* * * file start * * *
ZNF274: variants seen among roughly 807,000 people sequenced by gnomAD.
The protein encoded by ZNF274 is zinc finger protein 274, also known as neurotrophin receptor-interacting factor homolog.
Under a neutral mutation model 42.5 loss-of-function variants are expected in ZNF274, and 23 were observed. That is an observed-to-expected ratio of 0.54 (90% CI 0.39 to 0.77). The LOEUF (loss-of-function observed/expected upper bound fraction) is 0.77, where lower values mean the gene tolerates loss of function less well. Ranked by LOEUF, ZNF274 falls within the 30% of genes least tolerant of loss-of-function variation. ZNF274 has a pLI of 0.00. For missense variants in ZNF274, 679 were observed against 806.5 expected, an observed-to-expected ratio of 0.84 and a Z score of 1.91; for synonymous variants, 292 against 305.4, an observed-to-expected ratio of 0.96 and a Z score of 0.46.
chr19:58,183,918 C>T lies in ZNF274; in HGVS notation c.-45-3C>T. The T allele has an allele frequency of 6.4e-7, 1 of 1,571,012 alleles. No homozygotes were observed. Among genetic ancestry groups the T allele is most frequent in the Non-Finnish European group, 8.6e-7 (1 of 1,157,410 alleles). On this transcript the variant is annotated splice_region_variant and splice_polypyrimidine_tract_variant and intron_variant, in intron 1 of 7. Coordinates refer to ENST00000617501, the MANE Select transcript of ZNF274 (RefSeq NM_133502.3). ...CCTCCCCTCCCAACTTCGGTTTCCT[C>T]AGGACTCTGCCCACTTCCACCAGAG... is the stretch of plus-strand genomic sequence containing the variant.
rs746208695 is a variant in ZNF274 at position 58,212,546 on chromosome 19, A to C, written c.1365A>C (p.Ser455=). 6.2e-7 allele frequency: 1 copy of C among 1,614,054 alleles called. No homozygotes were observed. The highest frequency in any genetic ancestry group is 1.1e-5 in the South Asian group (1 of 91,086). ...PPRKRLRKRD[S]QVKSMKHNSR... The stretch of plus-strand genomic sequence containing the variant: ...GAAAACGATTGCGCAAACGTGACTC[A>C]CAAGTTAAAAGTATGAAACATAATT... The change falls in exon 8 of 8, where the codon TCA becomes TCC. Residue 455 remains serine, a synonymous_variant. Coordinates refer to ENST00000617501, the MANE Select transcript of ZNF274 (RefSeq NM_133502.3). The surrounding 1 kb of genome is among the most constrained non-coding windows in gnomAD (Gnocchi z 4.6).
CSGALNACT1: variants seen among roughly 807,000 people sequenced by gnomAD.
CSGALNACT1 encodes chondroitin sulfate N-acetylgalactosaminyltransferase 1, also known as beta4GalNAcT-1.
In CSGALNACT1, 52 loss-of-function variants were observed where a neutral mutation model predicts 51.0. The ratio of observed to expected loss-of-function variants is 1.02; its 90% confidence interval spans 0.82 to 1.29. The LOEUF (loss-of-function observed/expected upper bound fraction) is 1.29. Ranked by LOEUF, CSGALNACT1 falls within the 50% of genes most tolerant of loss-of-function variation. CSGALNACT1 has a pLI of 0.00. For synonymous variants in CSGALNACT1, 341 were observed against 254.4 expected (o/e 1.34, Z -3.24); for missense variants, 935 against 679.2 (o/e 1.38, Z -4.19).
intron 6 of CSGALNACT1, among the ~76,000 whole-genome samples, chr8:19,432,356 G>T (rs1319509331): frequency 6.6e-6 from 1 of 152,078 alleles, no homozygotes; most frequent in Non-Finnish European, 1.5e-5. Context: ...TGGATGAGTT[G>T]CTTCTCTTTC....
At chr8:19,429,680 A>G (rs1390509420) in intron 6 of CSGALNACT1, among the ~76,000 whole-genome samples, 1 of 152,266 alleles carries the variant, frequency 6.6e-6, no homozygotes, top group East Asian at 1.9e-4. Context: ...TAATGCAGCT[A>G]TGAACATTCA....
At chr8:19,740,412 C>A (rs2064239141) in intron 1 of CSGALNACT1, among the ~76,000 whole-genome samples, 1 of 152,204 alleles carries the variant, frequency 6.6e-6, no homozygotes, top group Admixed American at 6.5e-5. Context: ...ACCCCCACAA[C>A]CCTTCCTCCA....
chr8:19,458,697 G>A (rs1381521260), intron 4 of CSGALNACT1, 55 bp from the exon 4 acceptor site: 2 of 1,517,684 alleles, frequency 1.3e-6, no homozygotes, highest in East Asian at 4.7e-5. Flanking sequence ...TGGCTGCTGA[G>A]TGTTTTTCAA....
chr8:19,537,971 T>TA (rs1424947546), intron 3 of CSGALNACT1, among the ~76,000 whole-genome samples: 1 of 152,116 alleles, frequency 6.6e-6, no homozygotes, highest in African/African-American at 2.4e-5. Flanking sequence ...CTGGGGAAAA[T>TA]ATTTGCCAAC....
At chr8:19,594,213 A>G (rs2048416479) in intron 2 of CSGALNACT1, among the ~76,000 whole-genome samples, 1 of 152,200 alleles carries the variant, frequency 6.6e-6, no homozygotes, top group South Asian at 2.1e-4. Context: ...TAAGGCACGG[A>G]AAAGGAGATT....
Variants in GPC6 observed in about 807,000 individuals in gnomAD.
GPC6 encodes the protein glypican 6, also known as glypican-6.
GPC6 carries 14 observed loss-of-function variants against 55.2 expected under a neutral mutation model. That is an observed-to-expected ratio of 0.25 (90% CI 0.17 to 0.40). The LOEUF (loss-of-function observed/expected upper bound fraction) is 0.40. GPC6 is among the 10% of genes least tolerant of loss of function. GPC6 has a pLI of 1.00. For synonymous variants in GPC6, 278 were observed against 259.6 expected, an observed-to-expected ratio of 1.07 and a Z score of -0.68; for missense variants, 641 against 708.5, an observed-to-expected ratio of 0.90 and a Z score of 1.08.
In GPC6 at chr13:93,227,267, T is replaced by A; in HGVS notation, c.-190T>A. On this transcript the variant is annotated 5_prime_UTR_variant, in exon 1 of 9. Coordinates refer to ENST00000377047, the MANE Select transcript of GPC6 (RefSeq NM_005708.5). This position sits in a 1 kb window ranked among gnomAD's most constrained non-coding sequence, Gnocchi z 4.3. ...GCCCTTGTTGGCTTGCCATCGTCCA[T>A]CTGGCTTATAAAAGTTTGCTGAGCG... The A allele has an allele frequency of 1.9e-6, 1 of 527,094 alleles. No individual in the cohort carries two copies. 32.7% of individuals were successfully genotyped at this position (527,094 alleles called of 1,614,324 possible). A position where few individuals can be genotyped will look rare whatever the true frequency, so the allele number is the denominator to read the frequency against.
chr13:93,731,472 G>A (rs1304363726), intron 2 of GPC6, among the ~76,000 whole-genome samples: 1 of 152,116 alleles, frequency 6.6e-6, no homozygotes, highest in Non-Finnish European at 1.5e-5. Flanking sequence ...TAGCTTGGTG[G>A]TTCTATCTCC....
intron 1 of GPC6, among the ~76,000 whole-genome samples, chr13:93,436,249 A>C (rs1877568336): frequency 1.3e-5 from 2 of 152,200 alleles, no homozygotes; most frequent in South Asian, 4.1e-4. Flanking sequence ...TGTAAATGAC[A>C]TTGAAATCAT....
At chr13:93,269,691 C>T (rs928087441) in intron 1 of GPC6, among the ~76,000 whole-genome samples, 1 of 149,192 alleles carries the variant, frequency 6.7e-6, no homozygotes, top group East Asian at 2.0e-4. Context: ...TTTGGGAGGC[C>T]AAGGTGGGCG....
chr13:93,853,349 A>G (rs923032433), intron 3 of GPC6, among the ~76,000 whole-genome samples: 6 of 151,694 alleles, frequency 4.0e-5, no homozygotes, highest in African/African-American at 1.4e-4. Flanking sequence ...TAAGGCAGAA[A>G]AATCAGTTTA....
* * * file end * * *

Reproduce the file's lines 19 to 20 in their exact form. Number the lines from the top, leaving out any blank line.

chr13:93,731,472 G>A (rs1304363726), intron 2 of GPC6, among the ~76,000 whole-genome samples: 1 of 152,116 alleles, frequency 6.6e-6, no homozygotes, highest in Non-Finnish European at 1.5e-5. Flanking sequence ...TAGCTTGGTG[G>A]TTCTATCTCC....
intron 1 of GPC6, among the ~76,000 whole-genome samples, chr13:93,436,249 A>C (rs1877568336): frequency 1.3e-5 from 2 of 152,200 alleles, no homozygotes; most frequent in South Asian, 4.1e-4. Flanking sequence ...TGTAAATGAC[A>C]TTGAAATCAT....